Figure 5: Saliency map for cascading randomization on VGG -19 on Imagenet for Gradient

Input versus CGI. We find that in CGI, the saliency map is almost blank even when only the softmax layer has been reinitialized. By contrast, we find that the original Gradient

Input method displays the structure of the bird, even after multiple blocks of randomization.
Figure 6: Saliency map cascading randomization on VGG -16 on Imagenet LRP versus CLRP. We notice that LRP shows the structure of the bird even after multiple blocks of randomization. CLRP eliminates much of the structure of the bird.

4.1.2 Cascading Randomization

In these experiments we consider we what happens to the saliency maps when we randomize the network weights in a cascading fashion. We randomize the weights of the VGG 19 model starting from the top layer, successively, all the way to the bottom layer.

Figure 5 shows our results. The rightmost figure represents the original saliency map when all layer weights and biases are set to their fully trained values. The leftmost saliency map represents the map produced when only the softmax layer has been randomized. The image to the right of that when everything up to and including conv5_4 has been randomized, and so on. Again we find that CGI is much more sensitive to parameter randomization than Gradient Input.

4.1.3 Comparison with LRP

We also apply our competitive selection of pixels to LRP scores, computed using the Innvestigate library Alber et al. (2018) on the VGG-16 architecture with pretrained weights on Imagenet. The algorithm is the analogue of Algorithm 1, but we provide the full algorithm as Algorithm 2 in the Appendix for clarity. Figure 6 shows our results. We find that our competitive selection process (CLRP) benefits the LRP maps as well. The LRP maps show the structure of the bird even after multiple blocks of randomization, while our maps greatly reduce the prevalence of the bird structure in the images.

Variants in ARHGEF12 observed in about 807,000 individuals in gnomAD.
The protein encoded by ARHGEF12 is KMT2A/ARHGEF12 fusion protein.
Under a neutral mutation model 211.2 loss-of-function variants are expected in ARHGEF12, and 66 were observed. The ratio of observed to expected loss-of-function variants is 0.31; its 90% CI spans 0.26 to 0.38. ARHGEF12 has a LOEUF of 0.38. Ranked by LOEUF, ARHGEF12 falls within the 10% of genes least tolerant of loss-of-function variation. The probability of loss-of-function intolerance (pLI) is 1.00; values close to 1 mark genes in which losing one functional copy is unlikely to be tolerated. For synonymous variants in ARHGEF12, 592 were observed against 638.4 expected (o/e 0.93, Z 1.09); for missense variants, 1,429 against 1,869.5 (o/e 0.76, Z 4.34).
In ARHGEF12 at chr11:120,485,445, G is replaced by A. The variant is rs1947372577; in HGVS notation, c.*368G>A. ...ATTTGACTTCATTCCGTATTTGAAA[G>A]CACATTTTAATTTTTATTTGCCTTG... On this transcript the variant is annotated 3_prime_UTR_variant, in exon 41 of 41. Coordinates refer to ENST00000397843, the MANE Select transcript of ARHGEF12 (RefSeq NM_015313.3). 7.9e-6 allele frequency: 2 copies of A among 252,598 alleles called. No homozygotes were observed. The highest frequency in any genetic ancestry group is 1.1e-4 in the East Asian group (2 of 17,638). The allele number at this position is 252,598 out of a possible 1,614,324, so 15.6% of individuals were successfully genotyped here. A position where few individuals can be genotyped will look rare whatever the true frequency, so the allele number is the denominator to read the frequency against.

4.2 Data Randomization Test

We run experiments to determine whether our saliency method is sensitive to model training. We use a version of Alexnet Krizhevsky et al. (2012) adjusted to accept one color channel instead of three and train on MNIST. We randomly permute the lables in the training data set and train the model to greater than 98 % accuracy and examine the saliency maps. Figure 7 shows our results. On the left hand side is the original image. In the middle is the map produced by Gradient Input . We find that the input structure, the number 3, still shows through with the Gradient Input method. On the other hand, CGI removes the underlying structure of the number.

Figure 7: Second sanity check for Alexnet MNIST. On the middleimage we find that using the original gradient times input method results in an image where the original structure of the number 3 is still visible. On the right hand side image we find that our modification removes the structure of the original input image, as we would expect for a model that had been fitted on randomized data.

5 Conclusion